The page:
On the current account deficit, “We have met the enemy, and he is us”.
As The Economist’s View observes, the issue of global imbalances — really the United States’ outsize current account deficit — is never far away from policy-makers minds. There are two major camps in the debate. First, there is the Bernanke “global saving glut” view, and the closely related but intellectually distinct “Bretton Woods Revived” force. The U.S. current account deficit, according to adherents of this view, is made abroad or at least made anywhere but in America. Second, there is the “Twin Deficits View”. This perspective has taken a lot of lumps in recent years, partly because the current account deficit kept on rising even as the budget balance moved toward surplus over the latter part of the 1990′s. Of course, since budget surplus was achieved in 2000, the Administration’s policies have re-established the positive correlation between budget deficits and current account deficits by driving both to new nominal heights (and percent of GDP records, for the current account).
But what of the 1990′s experience?
Doesn’t Don’t the divergent trends in the two deficits necessarily invalidate the twin deficits hypothesis? Certainly, this talking point has been taken as a way to absolve fiscal policy of any responsibility in the current account imbalance. Well, my response to this bivariate view of the world is that questions like this led man to create “multiple regression analysis”. Taking this perspective, Hiro Ito and I have updated the results [PDF] discussed in this post.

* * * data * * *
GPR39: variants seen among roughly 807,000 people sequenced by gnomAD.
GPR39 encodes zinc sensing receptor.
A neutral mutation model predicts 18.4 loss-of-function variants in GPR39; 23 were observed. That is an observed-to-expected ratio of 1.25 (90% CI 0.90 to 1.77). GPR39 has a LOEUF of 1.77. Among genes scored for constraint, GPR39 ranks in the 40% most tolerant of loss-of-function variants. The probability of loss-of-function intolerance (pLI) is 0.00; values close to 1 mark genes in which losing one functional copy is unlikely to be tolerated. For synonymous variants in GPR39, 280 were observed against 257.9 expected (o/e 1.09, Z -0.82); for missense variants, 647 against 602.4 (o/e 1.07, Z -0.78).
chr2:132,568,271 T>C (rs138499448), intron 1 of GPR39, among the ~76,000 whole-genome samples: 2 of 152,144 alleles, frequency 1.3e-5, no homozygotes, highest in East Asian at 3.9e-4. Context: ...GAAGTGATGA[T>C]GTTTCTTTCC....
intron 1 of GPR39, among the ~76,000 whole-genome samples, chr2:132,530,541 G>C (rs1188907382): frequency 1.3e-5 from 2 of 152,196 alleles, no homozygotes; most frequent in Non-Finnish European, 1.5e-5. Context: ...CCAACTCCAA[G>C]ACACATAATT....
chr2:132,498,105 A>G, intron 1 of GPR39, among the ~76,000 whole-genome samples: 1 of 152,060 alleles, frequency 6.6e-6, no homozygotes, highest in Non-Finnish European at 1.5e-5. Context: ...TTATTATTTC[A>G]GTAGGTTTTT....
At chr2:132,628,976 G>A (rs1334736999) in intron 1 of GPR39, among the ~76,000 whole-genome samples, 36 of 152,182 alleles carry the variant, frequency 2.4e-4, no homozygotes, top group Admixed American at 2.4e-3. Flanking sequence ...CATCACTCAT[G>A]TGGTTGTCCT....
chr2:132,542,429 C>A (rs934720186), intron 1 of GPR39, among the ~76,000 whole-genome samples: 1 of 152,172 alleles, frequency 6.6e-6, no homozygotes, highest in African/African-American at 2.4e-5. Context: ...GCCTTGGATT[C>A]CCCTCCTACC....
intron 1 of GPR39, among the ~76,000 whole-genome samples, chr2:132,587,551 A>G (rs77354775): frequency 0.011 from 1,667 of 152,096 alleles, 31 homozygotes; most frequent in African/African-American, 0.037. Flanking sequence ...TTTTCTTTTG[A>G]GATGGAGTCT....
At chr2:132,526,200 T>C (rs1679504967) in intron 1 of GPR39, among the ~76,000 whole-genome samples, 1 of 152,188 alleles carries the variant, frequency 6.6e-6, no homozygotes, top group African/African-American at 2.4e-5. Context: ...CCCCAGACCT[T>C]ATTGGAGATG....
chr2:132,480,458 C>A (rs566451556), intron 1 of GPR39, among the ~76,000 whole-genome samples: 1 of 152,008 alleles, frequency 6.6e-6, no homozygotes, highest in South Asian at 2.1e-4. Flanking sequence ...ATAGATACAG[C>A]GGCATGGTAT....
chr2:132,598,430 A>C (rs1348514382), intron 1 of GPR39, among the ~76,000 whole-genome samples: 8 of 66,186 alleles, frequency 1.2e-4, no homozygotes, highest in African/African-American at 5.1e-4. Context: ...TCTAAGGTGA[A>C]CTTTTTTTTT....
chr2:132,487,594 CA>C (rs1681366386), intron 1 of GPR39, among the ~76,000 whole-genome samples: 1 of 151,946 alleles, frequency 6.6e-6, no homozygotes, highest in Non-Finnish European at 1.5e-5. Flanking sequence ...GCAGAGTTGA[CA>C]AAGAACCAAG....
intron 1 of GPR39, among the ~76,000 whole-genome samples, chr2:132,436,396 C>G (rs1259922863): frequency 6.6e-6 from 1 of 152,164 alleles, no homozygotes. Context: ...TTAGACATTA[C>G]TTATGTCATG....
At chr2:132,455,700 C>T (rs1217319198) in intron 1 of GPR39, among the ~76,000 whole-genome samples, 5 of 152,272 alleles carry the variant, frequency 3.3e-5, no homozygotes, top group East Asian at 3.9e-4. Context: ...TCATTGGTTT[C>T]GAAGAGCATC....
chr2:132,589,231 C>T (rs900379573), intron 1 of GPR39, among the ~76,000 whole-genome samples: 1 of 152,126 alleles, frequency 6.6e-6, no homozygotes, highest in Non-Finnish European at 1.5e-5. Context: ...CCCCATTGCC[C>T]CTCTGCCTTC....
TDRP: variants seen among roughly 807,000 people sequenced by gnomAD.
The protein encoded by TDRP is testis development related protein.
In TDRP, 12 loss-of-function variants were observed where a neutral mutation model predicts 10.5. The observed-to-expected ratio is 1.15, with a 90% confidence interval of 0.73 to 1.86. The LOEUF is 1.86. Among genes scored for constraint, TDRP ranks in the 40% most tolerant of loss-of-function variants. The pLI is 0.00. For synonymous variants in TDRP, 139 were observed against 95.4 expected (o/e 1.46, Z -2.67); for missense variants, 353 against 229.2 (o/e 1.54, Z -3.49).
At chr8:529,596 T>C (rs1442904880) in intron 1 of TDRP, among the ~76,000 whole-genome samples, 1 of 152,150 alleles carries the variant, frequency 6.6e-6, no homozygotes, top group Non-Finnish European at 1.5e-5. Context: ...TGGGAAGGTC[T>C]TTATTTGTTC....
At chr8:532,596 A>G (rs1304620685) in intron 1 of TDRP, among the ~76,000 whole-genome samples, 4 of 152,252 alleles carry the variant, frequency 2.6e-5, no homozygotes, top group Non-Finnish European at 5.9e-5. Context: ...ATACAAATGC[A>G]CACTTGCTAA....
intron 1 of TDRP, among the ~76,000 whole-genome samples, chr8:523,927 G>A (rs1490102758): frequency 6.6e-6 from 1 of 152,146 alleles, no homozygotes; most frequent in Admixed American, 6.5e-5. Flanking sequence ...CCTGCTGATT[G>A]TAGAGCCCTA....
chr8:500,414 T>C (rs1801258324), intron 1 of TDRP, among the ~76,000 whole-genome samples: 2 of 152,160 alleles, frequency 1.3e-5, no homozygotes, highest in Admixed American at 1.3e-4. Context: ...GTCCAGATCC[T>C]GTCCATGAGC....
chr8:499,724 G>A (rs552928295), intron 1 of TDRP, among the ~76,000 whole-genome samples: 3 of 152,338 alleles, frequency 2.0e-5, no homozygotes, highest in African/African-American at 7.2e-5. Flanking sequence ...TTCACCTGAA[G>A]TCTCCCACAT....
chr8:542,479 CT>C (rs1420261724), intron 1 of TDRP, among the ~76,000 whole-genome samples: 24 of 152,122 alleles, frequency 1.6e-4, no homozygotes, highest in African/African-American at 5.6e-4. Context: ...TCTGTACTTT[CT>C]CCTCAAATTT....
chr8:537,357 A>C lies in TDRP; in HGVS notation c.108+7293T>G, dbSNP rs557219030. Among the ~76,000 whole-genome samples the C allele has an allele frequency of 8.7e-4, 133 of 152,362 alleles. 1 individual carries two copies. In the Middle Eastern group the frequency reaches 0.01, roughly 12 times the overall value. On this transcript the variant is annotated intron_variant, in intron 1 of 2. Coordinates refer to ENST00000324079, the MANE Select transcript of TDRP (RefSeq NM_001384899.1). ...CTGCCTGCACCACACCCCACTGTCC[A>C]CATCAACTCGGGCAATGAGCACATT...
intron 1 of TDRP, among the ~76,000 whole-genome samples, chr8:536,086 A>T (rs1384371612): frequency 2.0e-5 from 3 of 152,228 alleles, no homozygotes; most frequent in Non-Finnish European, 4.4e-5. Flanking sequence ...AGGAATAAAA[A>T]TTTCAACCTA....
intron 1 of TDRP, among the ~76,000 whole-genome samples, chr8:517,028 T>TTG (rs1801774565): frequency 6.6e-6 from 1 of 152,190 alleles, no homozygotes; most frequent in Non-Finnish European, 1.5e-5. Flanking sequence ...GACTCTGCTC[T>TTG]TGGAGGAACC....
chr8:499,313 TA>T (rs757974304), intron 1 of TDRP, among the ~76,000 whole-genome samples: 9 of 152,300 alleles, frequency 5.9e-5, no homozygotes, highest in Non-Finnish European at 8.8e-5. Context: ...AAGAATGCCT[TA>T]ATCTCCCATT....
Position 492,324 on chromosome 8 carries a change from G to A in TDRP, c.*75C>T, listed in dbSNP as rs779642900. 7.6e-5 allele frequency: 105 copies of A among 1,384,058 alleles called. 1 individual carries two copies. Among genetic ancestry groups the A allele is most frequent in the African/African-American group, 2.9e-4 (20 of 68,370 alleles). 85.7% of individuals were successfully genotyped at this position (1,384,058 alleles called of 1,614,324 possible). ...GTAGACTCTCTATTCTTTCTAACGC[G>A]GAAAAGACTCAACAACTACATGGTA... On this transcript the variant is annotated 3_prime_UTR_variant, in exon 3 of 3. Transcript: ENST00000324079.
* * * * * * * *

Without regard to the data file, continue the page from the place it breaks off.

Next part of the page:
Specifically, we have “rigorously interrogated” the data to see what the range of effects that one can obtain from the data sample. We find the following (for the industrial countries, as defined by the IMF), over the 1975-2004 period:
- The pooled OLS estimate of the response of the current account balance to the budget balance, using 5-year-averaged data and time fixed effects, is 0.15 to 0.16. This means a one percentage point (ppt) change in the budget balance to GDP ratio induces a 0.15 to 0.16 ppt improvement in the current account to GDP ratio (statistically significantly different from zero, using robust standard errors, and the 10% marginal significance level). The pooled OLS estimator imposes the assumptions that (i) all the errors are drawn from the same distribution, and (ii) the slope coefficients are the same irrespective of whether one is looking across countries or over time within in a country.
- The two stage least squares estimate (i.e., accounting for endogeneity) estimate of the response is 0.325, statistically significantly different from zero at the 10% level.
- The estimate using Hodrick-Prescott (HP) trends (to identify the medium term values) is 0.095, statistically significantly different from zero at the 10% level.
- The OLS estimate using HP trend data and fixed effects is 0.485, statistically significantly different from zero at the 10% level. This result means that a 1 ppt. increase in the budget balance to GDP ratio purged of business cycle frequency effects induces an approximately 0.5 ppt. improvement in the the current account balance purged of business cycle frequency movements, after conditioning for country specific effects.
- In general, the point estimates range from a minimum of 0.095 (HP trends and OLS) to a maximum of 0.485 (HP trends, fixed effects), with a median of the estimates reported in the paper of 0.325.
In other words, in an exhaustive study that has addressed issues of specification (pooled OLS versus fixed effects), extraction of medium term variation (five year averages versus Hodrick-Prescott filtering), endogeneity (OLS versus 2SLS), the importance of institutions (w/ and w/o institutional variables), we find that fiscal policy has important economic and statistically significant effects on the current account imbalance. (By the way, as pointed out by Calculated Risk in this post, don’t hold your breath for actual progress on the “on-budget” budget deficit).
This shouldn’t deny the fact that international factors may have an impact on our current account imbalance. But those who hold blameless U.S. fiscal policy should reconsider the empirical evidence.